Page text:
New Precedent Related to 503(B)(9) Changes Landscape for Creditors Seeking Administrative Expense Claims
When a debtor files for bankruptcy, its creditors are forced to line up to receive payment in order of priority, as established by the Bankruptcy Code. While the claims of vendors and trade creditors would typically be last in line as general unsecured creditors, often receiving pennies on the dollar, Congress provided special incentives for creditors who provide necessary goods and services to the debtor, within a specified timeframe, by giving these creditors administrative expense claims. An administrative expense claim can be extremely valuable because it typically moves the creditor up in line in order of priority of payment and, for solvent bankruptcy estates, often entitles these claimholders to full payment of their claims.
A 503(b)(9) claim is a specific type of administrative claim awarded to a creditor for “the value of any goods received by the debtor within 20 days before the date of commencement of a case under this title in which the goods have been sold to the debtor in the ordinary course of such debtor’s business.” 11 U.S.C. § 503(b) (9). To receive an administrative expense claim under Section 503(b)(9), a creditor must demonstrate that: (1) the goods in question were received by the debtor within 20 days before the filing of the bankruptcy (i.e., the petition date), (2) the goods were sold to the debtor, and (3) the goods were sold in the ordinary course of business. Recent cases interpreting the text of Section 503(b)(9) have clarified (and perhaps narrowed) the class of creditors that will qualify for this golden ticket claim.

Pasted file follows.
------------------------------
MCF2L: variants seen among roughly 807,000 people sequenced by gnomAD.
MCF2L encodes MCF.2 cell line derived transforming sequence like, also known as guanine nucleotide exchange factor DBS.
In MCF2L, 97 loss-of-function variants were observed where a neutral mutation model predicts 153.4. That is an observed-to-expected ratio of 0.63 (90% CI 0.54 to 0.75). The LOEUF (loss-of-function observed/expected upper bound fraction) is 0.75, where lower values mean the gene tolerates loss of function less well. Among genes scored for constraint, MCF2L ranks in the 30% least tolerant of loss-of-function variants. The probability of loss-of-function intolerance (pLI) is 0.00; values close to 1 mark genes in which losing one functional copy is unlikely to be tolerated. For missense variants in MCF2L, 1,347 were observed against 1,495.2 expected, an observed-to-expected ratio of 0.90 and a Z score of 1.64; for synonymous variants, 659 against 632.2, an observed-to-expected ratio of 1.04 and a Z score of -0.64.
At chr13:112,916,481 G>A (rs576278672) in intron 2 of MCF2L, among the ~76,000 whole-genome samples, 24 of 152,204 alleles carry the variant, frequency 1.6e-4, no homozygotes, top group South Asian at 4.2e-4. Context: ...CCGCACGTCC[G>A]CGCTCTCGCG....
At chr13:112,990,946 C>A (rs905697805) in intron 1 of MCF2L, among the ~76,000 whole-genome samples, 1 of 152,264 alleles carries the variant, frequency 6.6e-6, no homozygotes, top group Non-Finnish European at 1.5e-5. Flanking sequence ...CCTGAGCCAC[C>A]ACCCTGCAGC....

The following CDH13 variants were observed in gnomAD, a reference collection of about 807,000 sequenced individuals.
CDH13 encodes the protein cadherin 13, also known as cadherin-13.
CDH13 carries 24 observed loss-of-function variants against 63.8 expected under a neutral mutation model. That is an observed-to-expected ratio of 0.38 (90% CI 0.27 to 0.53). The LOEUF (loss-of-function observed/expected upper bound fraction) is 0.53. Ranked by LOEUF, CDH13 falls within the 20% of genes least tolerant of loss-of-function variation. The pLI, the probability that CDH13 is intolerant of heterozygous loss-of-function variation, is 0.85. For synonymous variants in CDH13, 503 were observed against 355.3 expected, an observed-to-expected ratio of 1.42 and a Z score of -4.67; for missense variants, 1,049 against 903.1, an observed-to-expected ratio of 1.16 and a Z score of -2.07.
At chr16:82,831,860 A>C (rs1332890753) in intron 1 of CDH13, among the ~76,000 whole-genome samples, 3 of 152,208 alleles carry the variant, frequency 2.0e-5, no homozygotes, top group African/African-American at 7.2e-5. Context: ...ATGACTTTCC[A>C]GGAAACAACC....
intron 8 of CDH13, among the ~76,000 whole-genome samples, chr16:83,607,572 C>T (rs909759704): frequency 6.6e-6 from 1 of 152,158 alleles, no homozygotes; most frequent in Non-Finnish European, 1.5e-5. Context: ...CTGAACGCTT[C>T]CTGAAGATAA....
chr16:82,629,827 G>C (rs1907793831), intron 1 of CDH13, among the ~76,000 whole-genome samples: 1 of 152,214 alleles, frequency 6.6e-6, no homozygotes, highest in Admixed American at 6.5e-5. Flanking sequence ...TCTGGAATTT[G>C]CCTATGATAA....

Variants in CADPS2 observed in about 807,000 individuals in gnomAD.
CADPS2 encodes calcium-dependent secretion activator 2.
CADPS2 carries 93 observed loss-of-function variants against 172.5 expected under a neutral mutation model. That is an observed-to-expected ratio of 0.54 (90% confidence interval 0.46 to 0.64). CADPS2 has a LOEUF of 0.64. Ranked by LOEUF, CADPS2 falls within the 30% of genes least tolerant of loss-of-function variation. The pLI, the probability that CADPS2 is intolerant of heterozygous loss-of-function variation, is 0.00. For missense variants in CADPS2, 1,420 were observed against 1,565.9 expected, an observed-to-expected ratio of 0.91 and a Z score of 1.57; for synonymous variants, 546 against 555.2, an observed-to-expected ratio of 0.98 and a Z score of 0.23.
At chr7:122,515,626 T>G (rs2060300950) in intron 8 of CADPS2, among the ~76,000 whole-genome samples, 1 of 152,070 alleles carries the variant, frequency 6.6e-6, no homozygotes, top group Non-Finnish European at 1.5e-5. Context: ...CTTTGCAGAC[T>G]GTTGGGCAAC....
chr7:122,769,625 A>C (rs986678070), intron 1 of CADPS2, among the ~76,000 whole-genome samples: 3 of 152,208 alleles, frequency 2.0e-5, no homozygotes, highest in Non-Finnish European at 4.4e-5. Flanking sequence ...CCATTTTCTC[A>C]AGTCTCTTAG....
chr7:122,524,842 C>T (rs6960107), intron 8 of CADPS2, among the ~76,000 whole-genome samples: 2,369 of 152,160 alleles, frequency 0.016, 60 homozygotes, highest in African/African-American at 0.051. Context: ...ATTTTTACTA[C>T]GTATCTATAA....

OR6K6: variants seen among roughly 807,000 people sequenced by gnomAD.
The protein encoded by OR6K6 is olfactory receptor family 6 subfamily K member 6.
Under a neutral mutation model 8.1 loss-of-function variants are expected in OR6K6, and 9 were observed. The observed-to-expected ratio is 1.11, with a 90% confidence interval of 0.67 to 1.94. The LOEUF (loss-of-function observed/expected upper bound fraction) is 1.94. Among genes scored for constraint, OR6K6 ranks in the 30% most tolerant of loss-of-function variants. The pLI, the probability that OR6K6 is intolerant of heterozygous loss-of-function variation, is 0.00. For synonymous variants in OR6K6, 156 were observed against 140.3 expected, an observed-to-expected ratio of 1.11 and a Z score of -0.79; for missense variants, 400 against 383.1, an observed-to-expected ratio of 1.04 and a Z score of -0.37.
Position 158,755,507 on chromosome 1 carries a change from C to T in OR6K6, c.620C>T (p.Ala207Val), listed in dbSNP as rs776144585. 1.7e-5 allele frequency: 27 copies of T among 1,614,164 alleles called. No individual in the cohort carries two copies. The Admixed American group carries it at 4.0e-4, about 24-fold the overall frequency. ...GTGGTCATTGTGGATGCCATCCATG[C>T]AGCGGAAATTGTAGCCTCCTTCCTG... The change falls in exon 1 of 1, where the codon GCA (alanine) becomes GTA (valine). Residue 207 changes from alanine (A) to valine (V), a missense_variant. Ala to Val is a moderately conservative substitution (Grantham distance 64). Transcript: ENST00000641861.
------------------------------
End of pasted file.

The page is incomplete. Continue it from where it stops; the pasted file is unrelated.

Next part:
Courts Clarify the Meaning of “Received by the Debtor”
In order to qualify for an administrative expense claim under Section 503(b)(9), the goods that a creditor sold
to the debtor must be received by the debtor within 20 days before the bankruptcy petition date. Under recent Third Circuit precedent, “received by the debtor” has a more stringent standard.
In In re World Imports, Ltd., the Third Circuit examined a case in which differing interpretations of the term “received” determined whether two vendors would receive administrative expense claims, or be relegated to the back of the priority line as general unsecured creditors.1 In this case, two vendors shipped goods from China “free on board” (FOB) using a common carrier and the debtor accepted the goods about a month later in the United States. The debtor argued that the goods were “received” when the vendor delivered them to the common carrier for shipment because, under the United Nations Convention on Contracts for the International Sale of Goods (CISG) and its incorporated Incoterms2, “FOB” meant that risk of loss passed to the debtor at that time. Under the debtor’s interpretation, it “received” the goods pre-shipment, more than 20 days before the petition date, and thus the vendors would not receive administrative expense claims. The vendors argued that the Court should, consistent with precedent related to a different section of the Bankruptcy Code3, apply the framework of the Uniform Commercial Code (UCC) and find that the debtor “received” the goods when it received physical possession, regardless of when title or risk of loss passed. Under the vendors’ interpretation, the debtor “received” the goods when it accepted them in the United States, which was within the 20-day period prior to the petition date and thus the vendors would receive administrative expense claims.
The Third Circuit agreed with the vendors. The Court relied on the UCC to find that the meaning of “received” in Section 503(b)(9) required physical possession by the buyer or the buyer’s agent. The Court found that delivery to a common carrier, regardless of FOB status, was not equivalent to constructive receipt of the goods because the common carrier was not the buyer’s agent. Specifically, the Court found that “receipt does not occur until after the seller’s ability to stop delivery ends – namely, upon the buyer’s physical possession.” Based on the Court’s finding, the vendors received the sought-after administrative expense claims.